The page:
Protect your critical assets against the threats of tomorrow
The increasing connectivity of industrial control systems (ICS) and the convergence of operational technology (OT) and IT networks are expanding the attack surfaces of industrial systems and critical infrastructure facilities. As a result, previously isolated environments are becoming exposed as operators push to utilize new technologies for modernizing their facilities and taking advantage of the possibilities of Industry 4.0.
Industrial control systems and surrounding OT networks are often designed to run for 10 or more years, with safety and availability as the primary performance indicators. That means they are usually seen as islands and wholly separate from the fast-moving threat landscape of the IT world. However, due to the strong demand to use new possibilities that come with digitalization, these previously isolated systems are becoming exposed. Threat actors increasingly target these systems, and the ability to impact or even shut them down gives them enormous leverage.
Because these systems used to be isolated, they were not designed with security in mind. Regulatory requirements and the still present never-change-a-running-system mindset mean that systems are not, and often cannot, be patched, leading to a large number of vulnerabilities and exposure to cyber risks.
In addition, the growing IoT landscape requires innovative solutions for highly distributed networks of devices that can be mobile and pose challenges for patching, security, and control.
Innovation requires connectivity: With the move to Industry 4.0 and smart manufacturing, modern production lines are becoming more exposed as they become more connected.
Change reluctance: There is often a reluctance to change existing OT networks and components because of concerns that changes could affect availability or because a production line is certified with a specific setup. As a result, security patches and updates are neglected or unwanted, leaving the line exposed.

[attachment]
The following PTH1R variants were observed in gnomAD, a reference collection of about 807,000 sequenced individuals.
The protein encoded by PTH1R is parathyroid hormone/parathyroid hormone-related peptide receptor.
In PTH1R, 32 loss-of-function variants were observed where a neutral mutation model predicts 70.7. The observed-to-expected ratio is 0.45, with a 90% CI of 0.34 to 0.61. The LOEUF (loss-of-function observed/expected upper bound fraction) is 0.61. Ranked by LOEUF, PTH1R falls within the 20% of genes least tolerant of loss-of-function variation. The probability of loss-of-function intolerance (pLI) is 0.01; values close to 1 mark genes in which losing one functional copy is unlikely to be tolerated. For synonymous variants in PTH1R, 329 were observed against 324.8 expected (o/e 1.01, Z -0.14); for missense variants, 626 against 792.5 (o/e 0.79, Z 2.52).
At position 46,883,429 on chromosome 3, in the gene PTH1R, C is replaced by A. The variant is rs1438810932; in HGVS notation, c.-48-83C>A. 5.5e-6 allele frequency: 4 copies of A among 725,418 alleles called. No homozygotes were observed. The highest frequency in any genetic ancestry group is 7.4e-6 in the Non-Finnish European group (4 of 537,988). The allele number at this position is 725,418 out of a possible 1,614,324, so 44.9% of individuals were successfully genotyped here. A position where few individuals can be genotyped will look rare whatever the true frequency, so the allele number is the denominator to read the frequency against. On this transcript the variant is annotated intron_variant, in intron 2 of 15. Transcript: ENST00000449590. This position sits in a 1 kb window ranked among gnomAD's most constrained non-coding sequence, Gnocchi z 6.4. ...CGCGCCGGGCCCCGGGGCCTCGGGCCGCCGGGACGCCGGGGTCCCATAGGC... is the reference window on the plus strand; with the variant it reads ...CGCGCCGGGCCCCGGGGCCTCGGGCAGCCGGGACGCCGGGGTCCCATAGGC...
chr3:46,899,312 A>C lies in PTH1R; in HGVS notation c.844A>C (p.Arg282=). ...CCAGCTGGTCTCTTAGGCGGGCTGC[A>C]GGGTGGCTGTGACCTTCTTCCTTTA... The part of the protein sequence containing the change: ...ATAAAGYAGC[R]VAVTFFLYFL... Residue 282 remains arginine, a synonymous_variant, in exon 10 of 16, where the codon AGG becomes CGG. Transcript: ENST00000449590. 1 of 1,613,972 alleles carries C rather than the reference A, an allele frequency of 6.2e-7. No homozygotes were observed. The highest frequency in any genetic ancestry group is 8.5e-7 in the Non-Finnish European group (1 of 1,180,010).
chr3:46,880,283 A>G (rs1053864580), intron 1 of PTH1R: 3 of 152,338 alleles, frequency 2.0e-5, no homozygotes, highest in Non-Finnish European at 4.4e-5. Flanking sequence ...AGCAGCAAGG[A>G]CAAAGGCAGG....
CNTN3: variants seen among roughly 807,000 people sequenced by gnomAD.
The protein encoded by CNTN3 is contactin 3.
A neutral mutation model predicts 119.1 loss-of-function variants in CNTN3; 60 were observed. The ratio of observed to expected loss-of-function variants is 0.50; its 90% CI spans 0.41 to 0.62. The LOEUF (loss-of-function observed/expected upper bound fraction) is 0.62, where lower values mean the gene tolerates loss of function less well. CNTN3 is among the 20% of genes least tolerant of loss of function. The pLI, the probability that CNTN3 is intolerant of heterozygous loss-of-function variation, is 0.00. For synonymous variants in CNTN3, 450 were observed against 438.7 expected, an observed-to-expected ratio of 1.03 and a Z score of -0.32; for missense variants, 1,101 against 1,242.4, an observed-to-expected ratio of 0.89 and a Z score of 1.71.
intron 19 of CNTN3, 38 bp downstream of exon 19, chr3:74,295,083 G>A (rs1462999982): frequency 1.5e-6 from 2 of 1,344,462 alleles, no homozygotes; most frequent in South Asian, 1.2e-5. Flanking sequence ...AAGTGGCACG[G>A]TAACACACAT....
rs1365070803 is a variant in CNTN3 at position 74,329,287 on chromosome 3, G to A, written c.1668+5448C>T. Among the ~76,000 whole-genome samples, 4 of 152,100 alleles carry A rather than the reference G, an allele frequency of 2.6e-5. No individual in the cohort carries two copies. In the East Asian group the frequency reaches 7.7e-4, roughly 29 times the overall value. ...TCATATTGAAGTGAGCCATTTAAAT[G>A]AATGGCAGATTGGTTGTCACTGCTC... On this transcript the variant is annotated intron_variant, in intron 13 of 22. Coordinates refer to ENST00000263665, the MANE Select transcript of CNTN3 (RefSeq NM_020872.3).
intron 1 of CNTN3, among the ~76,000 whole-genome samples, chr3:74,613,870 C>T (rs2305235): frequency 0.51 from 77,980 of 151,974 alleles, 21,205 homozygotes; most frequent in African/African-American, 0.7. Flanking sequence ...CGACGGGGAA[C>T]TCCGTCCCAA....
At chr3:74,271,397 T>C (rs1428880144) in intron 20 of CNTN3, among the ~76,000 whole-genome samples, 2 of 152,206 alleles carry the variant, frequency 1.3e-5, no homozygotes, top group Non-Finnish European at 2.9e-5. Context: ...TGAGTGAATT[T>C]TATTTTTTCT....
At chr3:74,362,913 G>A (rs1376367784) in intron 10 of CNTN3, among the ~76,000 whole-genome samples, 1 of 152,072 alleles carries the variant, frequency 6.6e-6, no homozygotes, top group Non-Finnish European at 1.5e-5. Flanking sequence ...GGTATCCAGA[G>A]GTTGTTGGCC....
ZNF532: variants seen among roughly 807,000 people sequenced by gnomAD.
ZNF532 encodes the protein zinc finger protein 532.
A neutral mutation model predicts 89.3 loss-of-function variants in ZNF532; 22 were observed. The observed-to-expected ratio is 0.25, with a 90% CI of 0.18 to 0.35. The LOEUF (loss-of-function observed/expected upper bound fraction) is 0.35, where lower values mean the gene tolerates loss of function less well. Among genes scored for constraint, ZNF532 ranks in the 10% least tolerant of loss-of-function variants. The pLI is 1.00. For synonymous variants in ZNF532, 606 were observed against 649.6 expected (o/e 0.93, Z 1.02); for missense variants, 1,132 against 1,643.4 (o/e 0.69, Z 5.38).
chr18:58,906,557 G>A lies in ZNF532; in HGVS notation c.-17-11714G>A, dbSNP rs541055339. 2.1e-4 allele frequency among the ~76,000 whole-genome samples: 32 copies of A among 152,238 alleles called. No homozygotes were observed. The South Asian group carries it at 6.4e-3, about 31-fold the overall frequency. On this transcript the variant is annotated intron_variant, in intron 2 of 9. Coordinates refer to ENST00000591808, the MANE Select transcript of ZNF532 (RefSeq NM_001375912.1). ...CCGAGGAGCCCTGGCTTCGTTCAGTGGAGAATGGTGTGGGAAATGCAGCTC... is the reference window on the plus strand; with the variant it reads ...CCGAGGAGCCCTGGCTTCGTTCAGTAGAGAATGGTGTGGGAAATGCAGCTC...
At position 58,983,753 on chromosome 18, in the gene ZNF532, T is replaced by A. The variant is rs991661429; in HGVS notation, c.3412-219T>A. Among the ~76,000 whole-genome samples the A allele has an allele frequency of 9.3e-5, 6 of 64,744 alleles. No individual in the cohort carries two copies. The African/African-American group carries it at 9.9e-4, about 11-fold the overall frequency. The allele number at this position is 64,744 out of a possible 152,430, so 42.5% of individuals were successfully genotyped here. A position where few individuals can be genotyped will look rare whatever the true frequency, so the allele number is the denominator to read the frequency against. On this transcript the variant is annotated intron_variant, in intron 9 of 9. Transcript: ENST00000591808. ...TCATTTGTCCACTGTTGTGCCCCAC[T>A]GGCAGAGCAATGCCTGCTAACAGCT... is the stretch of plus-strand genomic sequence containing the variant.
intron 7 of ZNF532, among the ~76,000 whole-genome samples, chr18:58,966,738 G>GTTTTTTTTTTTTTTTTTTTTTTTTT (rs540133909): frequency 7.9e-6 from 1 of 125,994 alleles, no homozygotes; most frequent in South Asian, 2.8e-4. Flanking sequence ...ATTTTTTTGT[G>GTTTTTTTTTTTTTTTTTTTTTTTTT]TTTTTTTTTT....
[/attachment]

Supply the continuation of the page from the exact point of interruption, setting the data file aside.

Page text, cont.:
Specialized technology: Industrial (SCADA) protocols used for communication between the components in OT networks require specialized equipment and know-how to be monitored and interpreted. In addition, the complexity and size of data streams require automated behavioral analysis and pattern recognition.
Legacy lines: Production and manufacturing lines are often designed to run for 15 years or more, which means that modern security threats were not sufficiently considered in the design. A lack of network segmentation, no visibility of malicious activities, missing asset management, and legacy PLC vulnerabilities can create risks.
IT vs. OT: Responsibilities for IT security and OT are typically separated, each following different interests. IT security measures like patching and network segmentation cannot be easily implemented as the availability of the line has a higher priority.
Visibility of activities: Operational technology networks are often not monitored for unwanted activities and cyberattacks, so attacks often go unnoticed.